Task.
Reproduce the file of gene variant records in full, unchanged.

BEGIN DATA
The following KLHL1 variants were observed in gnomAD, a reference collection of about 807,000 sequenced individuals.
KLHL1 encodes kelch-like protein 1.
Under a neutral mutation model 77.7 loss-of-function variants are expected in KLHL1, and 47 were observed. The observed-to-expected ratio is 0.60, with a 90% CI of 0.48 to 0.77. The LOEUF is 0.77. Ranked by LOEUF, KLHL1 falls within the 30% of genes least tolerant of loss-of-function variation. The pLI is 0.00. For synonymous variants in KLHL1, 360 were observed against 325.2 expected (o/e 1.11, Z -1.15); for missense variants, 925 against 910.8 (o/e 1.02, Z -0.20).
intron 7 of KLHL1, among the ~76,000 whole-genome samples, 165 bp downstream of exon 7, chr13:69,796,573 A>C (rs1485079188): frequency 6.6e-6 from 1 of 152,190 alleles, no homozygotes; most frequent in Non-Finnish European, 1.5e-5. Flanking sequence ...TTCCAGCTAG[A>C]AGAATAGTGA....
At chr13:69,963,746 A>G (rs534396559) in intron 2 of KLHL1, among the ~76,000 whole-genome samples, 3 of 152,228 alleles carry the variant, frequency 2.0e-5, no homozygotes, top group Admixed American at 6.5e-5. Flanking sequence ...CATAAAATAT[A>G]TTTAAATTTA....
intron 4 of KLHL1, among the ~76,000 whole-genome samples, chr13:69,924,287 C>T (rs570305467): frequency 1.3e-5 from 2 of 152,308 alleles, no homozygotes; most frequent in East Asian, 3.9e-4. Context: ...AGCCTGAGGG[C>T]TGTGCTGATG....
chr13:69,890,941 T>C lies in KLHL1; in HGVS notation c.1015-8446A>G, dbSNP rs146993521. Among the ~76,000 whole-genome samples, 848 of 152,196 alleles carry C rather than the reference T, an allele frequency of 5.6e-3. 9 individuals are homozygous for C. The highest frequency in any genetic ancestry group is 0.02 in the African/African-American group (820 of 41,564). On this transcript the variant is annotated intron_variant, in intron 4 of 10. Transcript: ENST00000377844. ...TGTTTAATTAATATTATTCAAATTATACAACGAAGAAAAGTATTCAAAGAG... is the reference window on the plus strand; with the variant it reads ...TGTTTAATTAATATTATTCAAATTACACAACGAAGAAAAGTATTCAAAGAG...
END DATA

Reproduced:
The following KLHL1 variants were observed in gnomAD, a reference collection of about 807,000 sequenced individuals.
KLHL1 encodes kelch-like protein 1.
Under a neutral mutation model 77.7 loss-of-function variants are expected in KLHL1, and 47 were observed. The observed-to-expected ratio is 0.60, with a 90% CI of 0.48 to 0.77. The LOEUF is 0.77. Ranked by LOEUF, KLHL1 falls within the 30% of genes least tolerant of loss-of-function variation. The pLI is 0.00. For synonymous variants in KLHL1, 360 were observed against 325.2 expected (o/e 1.11, Z -1.15); for missense variants, 925 against 910.8 (o/e 1.02, Z -0.20).
intron 7 of KLHL1, among the ~76,000 whole-genome samples, 165 bp downstream of exon 7, chr13:69,796,573 A>C (rs1485079188): frequency 6.6e-6 from 1 of 152,190 alleles, no homozygotes; most frequent in Non-Finnish European, 1.5e-5. Flanking sequence ...TTCCAGCTAG[A>C]AGAATAGTGA....
At chr13:69,963,746 A>G (rs534396559) in intron 2 of KLHL1, among the ~76,000 whole-genome samples, 3 of 152,228 alleles carry the variant, frequency 2.0e-5, no homozygotes, top group Admixed American at 6.5e-5. Flanking sequence ...CATAAAATAT[A>G]TTTAAATTTA....
intron 4 of KLHL1, among the ~76,000 whole-genome samples, chr13:69,924,287 C>T (rs570305467): frequency 1.3e-5 from 2 of 152,308 alleles, no homozygotes; most frequent in East Asian, 3.9e-4. Context: ...AGCCTGAGGG[C>T]TGTGCTGATG....
chr13:69,890,941 T>C lies in KLHL1; in HGVS notation c.1015-8446A>G, dbSNP rs146993521. Among the ~76,000 whole-genome samples, 848 of 152,196 alleles carry C rather than the reference T, an allele frequency of 5.6e-3. 9 individuals are homozygous for C. The highest frequency in any genetic ancestry group is 0.02 in the African/African-American group (820 of 41,564). On this transcript the variant is annotated intron_variant, in intron 4 of 10. Transcript: ENST00000377844. ...TGTTTAATTAATATTATTCAAATTATACAACGAAGAAAAGTATTCAAAGAG... is the reference window on the plus strand; with the variant it reads ...TGTTTAATTAATATTATTCAAATTACACAACGAAGAAAAGTATTCAAAGAG...